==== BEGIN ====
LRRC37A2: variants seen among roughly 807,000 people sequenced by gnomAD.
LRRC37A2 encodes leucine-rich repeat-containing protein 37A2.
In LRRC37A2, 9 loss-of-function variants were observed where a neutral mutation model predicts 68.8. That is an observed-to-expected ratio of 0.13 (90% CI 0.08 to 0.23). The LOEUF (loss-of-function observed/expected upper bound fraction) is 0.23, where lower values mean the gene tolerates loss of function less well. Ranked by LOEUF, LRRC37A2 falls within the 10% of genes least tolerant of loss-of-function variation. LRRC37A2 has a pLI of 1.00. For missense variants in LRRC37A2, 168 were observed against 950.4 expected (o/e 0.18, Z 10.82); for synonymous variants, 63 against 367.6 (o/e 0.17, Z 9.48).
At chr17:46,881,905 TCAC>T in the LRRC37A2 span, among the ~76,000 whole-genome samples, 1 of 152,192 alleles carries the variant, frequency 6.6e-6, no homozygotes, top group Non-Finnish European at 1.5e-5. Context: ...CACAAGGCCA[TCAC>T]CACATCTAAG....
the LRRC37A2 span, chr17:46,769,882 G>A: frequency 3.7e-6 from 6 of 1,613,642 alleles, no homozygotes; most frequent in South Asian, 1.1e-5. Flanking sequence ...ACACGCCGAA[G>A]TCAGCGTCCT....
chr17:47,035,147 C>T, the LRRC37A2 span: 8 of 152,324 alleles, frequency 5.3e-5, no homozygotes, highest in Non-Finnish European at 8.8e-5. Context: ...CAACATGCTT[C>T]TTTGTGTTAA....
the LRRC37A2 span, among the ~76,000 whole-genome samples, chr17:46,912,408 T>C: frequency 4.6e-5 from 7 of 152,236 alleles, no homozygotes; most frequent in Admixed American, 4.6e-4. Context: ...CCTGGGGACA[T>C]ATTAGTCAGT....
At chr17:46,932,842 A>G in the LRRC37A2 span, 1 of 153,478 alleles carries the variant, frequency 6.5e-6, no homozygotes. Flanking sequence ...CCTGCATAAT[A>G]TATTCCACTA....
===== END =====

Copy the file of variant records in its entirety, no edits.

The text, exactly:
LRRC37A2: variants seen among roughly 807,000 people sequenced by gnomAD.
LRRC37A2 encodes leucine-rich repeat-containing protein 37A2.
In LRRC37A2, 9 loss-of-function variants were observed where a neutral mutation model predicts 68.8. That is an observed-to-expected ratio of 0.13 (90% CI 0.08 to 0.23). The LOEUF (loss-of-function observed/expected upper bound fraction) is 0.23, where lower values mean the gene tolerates loss of function less well. Ranked by LOEUF, LRRC37A2 falls within the 10% of genes least tolerant of loss-of-function variation. LRRC37A2 has a pLI of 1.00. For missense variants in LRRC37A2, 168 were observed against 950.4 expected (o/e 0.18, Z 10.82); for synonymous variants, 63 against 367.6 (o/e 0.17, Z 9.48).
At chr17:46,881,905 TCAC>T in the LRRC37A2 span, among the ~76,000 whole-genome samples, 1 of 152,192 alleles carries the variant, frequency 6.6e-6, no homozygotes, top group Non-Finnish European at 1.5e-5. Context: ...CACAAGGCCA[TCAC>T]CACATCTAAG....
the LRRC37A2 span, chr17:46,769,882 G>A: frequency 3.7e-6 from 6 of 1,613,642 alleles, no homozygotes; most frequent in South Asian, 1.1e-5. Flanking sequence ...ACACGCCGAA[G>A]TCAGCGTCCT....
chr17:47,035,147 C>T, the LRRC37A2 span: 8 of 152,324 alleles, frequency 5.3e-5, no homozygotes, highest in Non-Finnish European at 8.8e-5. Context: ...CAACATGCTT[C>T]TTTGTGTTAA....
the LRRC37A2 span, among the ~76,000 whole-genome samples, chr17:46,912,408 T>C: frequency 4.6e-5 from 7 of 152,236 alleles, no homozygotes; most frequent in Admixed American, 4.6e-4. Context: ...CCTGGGGACA[T>C]ATTAGTCAGT....
At chr17:46,932,842 A>G in the LRRC37A2 span, 1 of 153,478 alleles carries the variant, frequency 6.5e-6, no homozygotes. Flanking sequence ...CCTGCATAAT[A>G]TATTCCACTA....